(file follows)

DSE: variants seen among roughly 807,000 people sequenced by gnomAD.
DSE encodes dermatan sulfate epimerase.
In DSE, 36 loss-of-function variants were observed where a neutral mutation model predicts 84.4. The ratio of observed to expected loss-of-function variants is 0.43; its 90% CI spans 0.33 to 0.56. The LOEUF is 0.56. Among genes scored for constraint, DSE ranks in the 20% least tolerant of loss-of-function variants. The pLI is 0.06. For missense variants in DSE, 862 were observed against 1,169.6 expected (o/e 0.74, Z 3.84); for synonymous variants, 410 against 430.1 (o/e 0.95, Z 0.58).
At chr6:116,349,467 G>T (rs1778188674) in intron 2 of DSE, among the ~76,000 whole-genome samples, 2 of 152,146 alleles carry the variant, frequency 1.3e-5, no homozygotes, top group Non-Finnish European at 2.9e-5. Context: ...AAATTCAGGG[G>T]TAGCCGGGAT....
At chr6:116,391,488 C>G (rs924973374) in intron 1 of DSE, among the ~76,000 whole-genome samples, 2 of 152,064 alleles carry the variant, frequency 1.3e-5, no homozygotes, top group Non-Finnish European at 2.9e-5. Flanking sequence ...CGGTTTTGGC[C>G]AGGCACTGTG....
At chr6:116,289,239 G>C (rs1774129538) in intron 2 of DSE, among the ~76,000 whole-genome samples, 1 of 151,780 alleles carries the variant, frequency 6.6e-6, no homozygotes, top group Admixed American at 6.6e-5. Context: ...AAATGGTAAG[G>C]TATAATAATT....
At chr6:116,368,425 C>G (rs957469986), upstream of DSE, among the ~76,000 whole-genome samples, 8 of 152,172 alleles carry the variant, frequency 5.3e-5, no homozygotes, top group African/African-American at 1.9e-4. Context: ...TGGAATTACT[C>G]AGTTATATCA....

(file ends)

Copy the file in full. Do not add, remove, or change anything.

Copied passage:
DSE: variants seen among roughly 807,000 people sequenced by gnomAD.
DSE encodes dermatan sulfate epimerase.
In DSE, 36 loss-of-function variants were observed where a neutral mutation model predicts 84.4. The ratio of observed to expected loss-of-function variants is 0.43; its 90% CI spans 0.33 to 0.56. The LOEUF is 0.56. Among genes scored for constraint, DSE ranks in the 20% least tolerant of loss-of-function variants. The pLI is 0.06. For missense variants in DSE, 862 were observed against 1,169.6 expected (o/e 0.74, Z 3.84); for synonymous variants, 410 against 430.1 (o/e 0.95, Z 0.58).
At chr6:116,349,467 G>T (rs1778188674) in intron 2 of DSE, among the ~76,000 whole-genome samples, 2 of 152,146 alleles carry the variant, frequency 1.3e-5, no homozygotes, top group Non-Finnish European at 2.9e-5. Context: ...AAATTCAGGG[G>T]TAGCCGGGAT....
At chr6:116,391,488 C>G (rs924973374) in intron 1 of DSE, among the ~76,000 whole-genome samples, 2 of 152,064 alleles carry the variant, frequency 1.3e-5, no homozygotes, top group Non-Finnish European at 2.9e-5. Flanking sequence ...CGGTTTTGGC[C>G]AGGCACTGTG....
At chr6:116,289,239 G>C (rs1774129538) in intron 2 of DSE, among the ~76,000 whole-genome samples, 1 of 151,780 alleles carries the variant, frequency 6.6e-6, no homozygotes, top group Admixed American at 6.6e-5. Context: ...AAATGGTAAG[G>C]TATAATAATT....
At chr6:116,368,425 C>G (rs957469986), upstream of DSE, among the ~76,000 whole-genome samples, 8 of 152,172 alleles carry the variant, frequency 5.3e-5, no homozygotes, top group African/African-American at 1.9e-4. Context: ...TGGAATTACT[C>G]AGTTATATCA....